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ARTICLE THIRTY-THIRD

It is the doctrine of Augustine, as also of Thomas Aquinas, that the principle of holy love existing in the heart, necessarily includes in itself; or implies the existence, of all other Christian virtues. He who loves God with all his heart, will not violate the laws of purity, because it would be a disregard of the will of God, which he loves above all things. His love, under such circumstances, becomes the virtue of chastity. He has too much love and reverence for the will of God to murmur or repine under the dispensations of His providence. His love, under such circumstances, becomes the virtue of patience. And thus this love becomes by turns, on their appropriate occasions, all the virtues. As his love is perfect, so the virtues which flow out of it, and are modified from it, will not be less so.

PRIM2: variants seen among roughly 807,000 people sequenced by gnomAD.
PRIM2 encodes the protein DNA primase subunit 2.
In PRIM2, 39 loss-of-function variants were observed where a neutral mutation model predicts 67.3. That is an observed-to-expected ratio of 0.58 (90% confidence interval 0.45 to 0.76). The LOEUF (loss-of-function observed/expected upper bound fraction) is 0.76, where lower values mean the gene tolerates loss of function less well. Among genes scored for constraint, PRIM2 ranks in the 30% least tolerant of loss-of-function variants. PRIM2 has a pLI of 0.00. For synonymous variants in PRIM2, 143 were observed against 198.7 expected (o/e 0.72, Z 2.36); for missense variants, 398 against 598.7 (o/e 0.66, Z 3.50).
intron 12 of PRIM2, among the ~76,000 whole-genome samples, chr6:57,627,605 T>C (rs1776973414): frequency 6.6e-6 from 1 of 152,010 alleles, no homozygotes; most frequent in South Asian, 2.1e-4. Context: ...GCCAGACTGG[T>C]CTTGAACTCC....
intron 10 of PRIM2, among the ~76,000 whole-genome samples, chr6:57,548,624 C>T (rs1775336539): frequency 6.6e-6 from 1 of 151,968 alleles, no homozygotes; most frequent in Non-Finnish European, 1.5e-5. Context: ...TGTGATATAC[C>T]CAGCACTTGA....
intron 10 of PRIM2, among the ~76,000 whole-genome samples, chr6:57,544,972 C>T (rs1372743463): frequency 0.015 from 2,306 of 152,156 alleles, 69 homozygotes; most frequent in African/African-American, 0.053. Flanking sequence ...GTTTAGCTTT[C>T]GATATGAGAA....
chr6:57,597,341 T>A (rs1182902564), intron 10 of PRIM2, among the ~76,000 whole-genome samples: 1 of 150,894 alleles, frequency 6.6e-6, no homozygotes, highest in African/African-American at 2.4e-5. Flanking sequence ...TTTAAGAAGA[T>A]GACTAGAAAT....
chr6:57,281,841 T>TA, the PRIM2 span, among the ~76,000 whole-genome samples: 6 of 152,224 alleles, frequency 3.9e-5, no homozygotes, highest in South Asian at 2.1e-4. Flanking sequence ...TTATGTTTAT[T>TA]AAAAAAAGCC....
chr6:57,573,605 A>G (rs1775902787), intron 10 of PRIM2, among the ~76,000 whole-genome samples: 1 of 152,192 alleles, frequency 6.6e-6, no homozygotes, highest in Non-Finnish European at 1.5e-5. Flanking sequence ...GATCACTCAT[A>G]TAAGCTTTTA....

It is a maxim in the doctrines of holiness, that the holy soul is crucified to its own virtues, although it possesses them in the highest degree. The meaning of this saying is this: The holy soul is so crucified to self in all its forms, that it practices the virtues without taking complacency in its virtues as its own, and even without thinking how virtuous it is.

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